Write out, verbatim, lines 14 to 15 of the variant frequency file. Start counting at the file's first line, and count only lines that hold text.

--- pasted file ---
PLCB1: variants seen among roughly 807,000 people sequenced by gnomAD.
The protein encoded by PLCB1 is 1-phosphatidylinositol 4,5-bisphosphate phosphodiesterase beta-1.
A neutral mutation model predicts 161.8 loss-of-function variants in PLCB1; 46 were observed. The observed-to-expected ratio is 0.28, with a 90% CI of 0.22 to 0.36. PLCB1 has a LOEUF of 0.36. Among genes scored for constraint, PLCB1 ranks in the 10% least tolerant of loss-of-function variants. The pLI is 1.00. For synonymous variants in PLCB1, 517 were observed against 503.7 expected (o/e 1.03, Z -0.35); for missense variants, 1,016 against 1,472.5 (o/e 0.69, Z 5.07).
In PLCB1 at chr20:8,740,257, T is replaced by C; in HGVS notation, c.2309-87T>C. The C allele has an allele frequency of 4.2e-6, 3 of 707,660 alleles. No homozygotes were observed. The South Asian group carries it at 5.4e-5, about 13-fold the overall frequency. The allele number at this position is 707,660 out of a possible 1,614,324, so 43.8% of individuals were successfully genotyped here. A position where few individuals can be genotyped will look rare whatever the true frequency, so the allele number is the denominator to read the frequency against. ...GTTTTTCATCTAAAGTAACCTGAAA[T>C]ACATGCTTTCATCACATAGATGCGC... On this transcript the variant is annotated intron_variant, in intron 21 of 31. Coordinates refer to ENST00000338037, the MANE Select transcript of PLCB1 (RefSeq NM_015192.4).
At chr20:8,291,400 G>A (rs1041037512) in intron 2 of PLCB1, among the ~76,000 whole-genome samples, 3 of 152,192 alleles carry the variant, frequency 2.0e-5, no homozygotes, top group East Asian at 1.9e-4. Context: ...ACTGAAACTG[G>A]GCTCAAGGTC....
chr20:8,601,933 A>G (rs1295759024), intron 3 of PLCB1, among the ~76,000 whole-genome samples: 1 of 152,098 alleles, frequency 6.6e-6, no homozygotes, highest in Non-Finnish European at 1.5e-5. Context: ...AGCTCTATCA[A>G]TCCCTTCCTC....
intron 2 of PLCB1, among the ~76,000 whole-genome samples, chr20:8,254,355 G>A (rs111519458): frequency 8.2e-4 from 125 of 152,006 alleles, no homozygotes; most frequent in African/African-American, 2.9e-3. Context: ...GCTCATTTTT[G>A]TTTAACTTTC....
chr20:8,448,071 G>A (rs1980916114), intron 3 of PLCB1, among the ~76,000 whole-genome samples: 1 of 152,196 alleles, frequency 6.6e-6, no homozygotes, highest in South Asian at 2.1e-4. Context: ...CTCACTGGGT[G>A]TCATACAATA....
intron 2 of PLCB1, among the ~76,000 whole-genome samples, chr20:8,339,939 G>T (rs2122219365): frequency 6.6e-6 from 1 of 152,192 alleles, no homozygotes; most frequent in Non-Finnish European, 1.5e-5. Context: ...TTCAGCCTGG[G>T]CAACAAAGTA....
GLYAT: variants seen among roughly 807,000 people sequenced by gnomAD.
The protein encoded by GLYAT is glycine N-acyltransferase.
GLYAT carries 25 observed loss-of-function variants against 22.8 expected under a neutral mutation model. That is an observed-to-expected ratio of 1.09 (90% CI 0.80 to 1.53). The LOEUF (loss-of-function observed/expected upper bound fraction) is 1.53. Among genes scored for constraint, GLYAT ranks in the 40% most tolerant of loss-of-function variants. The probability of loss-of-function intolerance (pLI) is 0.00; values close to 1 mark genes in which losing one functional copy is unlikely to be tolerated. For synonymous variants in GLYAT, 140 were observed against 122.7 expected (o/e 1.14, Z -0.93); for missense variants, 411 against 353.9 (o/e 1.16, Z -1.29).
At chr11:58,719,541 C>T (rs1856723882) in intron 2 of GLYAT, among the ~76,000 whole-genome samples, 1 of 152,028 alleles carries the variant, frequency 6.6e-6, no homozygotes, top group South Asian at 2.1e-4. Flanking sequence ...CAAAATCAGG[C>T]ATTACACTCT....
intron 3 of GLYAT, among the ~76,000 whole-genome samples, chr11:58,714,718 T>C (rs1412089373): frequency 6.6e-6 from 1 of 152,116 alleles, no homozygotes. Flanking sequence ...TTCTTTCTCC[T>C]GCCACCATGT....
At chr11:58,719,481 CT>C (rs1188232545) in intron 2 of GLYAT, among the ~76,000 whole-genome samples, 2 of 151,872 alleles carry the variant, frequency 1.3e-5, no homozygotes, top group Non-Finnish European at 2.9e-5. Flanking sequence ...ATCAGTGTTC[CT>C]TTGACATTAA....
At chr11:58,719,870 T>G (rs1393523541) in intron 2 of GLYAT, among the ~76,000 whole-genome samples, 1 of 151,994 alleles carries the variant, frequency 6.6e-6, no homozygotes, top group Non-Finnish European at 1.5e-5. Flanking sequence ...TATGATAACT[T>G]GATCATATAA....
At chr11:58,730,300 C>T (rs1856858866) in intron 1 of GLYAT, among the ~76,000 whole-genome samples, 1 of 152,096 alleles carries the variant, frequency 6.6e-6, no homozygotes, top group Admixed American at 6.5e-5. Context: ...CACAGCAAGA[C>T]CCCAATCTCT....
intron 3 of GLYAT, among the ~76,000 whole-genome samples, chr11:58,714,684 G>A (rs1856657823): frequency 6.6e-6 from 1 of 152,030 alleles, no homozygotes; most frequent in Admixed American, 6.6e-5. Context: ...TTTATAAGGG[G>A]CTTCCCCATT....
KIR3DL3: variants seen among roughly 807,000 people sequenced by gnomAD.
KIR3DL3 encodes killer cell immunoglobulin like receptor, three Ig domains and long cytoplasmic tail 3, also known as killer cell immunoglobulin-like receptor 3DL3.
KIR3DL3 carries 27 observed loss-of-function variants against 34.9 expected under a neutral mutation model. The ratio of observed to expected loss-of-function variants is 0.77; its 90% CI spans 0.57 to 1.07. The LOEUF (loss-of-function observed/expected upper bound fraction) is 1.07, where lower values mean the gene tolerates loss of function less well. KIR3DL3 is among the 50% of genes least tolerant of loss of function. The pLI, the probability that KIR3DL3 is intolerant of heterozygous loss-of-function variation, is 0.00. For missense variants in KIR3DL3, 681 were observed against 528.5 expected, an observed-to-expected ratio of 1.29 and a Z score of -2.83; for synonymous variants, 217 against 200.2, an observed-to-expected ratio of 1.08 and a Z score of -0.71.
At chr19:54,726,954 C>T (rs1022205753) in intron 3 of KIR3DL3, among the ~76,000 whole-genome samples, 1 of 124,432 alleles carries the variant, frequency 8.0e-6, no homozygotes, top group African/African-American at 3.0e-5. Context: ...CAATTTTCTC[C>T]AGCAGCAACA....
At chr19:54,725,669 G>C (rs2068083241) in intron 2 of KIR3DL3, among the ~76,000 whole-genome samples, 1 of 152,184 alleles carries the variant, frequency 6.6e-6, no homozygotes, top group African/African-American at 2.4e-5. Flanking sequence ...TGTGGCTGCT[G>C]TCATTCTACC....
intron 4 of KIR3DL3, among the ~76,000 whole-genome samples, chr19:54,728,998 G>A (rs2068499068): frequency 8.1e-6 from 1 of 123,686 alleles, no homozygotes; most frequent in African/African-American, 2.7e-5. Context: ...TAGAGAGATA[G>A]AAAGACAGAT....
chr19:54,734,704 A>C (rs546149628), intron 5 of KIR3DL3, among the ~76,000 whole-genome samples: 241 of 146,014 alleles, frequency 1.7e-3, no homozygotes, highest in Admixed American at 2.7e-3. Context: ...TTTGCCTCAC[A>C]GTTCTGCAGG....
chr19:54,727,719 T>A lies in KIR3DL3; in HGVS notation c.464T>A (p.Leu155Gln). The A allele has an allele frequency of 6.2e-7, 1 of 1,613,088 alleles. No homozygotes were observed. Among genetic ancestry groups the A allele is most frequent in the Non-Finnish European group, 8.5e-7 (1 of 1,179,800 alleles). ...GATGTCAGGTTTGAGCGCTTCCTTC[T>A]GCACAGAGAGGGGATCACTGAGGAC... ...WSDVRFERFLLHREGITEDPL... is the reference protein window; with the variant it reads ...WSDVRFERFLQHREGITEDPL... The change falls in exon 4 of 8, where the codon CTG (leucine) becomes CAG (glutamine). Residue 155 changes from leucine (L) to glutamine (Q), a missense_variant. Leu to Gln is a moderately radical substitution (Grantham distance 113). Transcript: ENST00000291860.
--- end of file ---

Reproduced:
intron 3 of GLYAT, among the ~76,000 whole-genome samples, chr11:58,714,718 T>C (rs1412089373): frequency 6.6e-6 from 1 of 152,116 alleles, no homozygotes. Flanking sequence ...TTCTTTCTCC[T>C]GCCACCATGT....
At chr11:58,719,481 CT>C (rs1188232545) in intron 2 of GLYAT, among the ~76,000 whole-genome samples, 2 of 151,872 alleles carry the variant, frequency 1.3e-5, no homozygotes, top group Non-Finnish European at 2.9e-5. Flanking sequence ...ATCAGTGTTC[CT>C]TTGACATTAA....